FREE GLOBAL SHIPPING

Depression and Hormones


oliver greenwood BSc(Hons) applied sport and exercise scienceWritten by Oliver Greenwood: BSc(Hons) Applied Sport & Exercise Science.

--

Many people suffer from depression, it is the invisible disease that can affect anyone of any gender, any race and doesn't discrimunate against age or wealth. 

It is therefore useful to know how hormones may influence the feelings of depression and anxiety.

This article will cover the folowing key points:

  • Introduction
  • Hormones, depression and anxiety
  • Cortisol
  • Testosterone
  • Cortisol and depression
  • Testosterone and depression
  • Sports and depression
  • Conclusion

Introduction

This article is going to investigate the effect hormones have on depression. Throughout this article key areas of discussion will include depression, testosterone, and cortisol.

The purpose for writing this article is because depression is an ever-rising issue worldwide, which has seen a sharp increase due to the recent pandemic. So, this article is to examine alternative treatment methods for depressive symptoms.

military muscle review

Can Hormones Cause Depression and Anxiety?

Recently, depression has become a stand-out, rising problem around the world with reports of more than 120 million people suffering from depression worldwide in the early 2000s (Lepine and Bridley, 2011).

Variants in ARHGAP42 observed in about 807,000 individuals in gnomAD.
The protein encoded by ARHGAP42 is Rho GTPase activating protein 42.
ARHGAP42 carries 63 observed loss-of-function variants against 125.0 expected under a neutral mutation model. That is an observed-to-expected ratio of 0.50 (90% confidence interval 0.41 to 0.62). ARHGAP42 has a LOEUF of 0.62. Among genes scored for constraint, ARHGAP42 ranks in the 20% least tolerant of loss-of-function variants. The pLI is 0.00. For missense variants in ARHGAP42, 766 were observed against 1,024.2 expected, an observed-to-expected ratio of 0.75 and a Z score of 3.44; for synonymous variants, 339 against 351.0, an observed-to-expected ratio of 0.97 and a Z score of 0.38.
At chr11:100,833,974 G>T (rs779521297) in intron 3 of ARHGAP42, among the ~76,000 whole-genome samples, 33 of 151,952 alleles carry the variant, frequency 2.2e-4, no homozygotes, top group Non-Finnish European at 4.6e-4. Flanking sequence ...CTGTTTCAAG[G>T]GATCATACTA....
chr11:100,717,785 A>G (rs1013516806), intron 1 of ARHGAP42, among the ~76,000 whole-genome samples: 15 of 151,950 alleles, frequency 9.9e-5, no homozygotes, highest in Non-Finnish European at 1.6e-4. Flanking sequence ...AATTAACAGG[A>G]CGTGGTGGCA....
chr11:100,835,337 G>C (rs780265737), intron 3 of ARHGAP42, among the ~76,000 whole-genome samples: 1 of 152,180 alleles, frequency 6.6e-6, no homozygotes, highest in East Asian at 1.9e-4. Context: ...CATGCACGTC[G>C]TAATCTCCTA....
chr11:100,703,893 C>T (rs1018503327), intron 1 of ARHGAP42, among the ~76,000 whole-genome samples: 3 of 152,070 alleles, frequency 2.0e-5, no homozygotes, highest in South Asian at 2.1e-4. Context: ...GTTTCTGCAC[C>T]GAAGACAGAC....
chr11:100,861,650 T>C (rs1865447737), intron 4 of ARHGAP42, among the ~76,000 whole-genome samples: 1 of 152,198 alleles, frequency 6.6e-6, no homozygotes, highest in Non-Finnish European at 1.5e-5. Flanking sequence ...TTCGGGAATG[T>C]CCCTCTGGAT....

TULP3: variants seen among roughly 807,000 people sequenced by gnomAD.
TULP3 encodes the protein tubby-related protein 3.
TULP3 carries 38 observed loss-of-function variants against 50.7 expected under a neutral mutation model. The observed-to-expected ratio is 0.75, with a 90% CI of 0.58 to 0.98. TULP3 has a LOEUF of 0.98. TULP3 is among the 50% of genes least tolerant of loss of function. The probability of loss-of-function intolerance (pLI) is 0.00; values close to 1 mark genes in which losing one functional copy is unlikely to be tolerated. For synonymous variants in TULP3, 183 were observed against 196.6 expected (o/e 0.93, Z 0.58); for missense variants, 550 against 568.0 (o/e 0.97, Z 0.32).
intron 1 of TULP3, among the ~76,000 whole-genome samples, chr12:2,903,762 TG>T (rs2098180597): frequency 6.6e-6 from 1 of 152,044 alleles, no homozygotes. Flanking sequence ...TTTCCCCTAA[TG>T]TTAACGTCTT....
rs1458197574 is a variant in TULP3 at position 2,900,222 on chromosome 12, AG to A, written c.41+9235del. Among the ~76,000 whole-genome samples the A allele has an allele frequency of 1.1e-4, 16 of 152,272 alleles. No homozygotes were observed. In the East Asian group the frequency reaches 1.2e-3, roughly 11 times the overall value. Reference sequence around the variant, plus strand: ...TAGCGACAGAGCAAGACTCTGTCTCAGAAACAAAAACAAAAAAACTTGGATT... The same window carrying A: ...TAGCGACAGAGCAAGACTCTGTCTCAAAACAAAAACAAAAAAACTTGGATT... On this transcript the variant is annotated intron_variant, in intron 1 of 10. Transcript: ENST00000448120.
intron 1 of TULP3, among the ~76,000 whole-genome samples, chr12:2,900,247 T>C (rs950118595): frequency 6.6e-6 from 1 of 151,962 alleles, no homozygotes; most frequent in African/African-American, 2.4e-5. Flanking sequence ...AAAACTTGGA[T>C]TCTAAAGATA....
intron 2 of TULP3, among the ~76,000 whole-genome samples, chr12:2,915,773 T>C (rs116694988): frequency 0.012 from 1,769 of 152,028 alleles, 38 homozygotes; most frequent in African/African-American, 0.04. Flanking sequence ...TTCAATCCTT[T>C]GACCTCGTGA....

However, just 10 years later in more recent times the World Health Organisation (WHO) have reported that depression is affecting more than 322 million people globally (WHO, 2020).

The WHO (2017) defined depression as “sadness, loss of interest or pleasure, feelings of guilt or low self-worth, disturbed sleep or appetite, feelings of tiredness, and poor concentration”.

Depression can either be long lasting or recurrent, this will substantially impair one’s capability to function at work or school or cope with day-to-day life (WHO, 2017).

Depression and Fatalities 

Additionally, depression can lead to the most fatal of consequences, which being suicide. The WHO (2017) reported an estimate of 788,000 people die from suicide every year, with many more attempting suicide.

This accounts for suicide being in the top 20 leading cause of all deaths worldwide, equalling approximately 1.5% of all fatalities. As you can see this is a massive issue which is not going to be changed overnight.

Although, there may be common bodily hormones that can aid the fight against depressive symptoms and in turn help reduces the risk of suicide.

Cortisol

 hormones and depression

Cortisol is a steroid hormone found in the body (yourhormones, 2019).

Cortisol is constructed in the cortex of the adrenal glands. It is released into the blood and transported around the body.

Cortisol’s functions are dependent upon the cell it is acting on. Some of these functions are;

  • Controlling blood sugar levels
  • Regulating metabolism
  • Prompting memory formation
  • Governing salt and water balance
  • Influencing blood pressure and helping the development of the foetus (yourhormones, 2019)

Cortisol usually has its highest concentration within the blood during in the morning and decrease throughout the course of the day (yourhormones, 2019).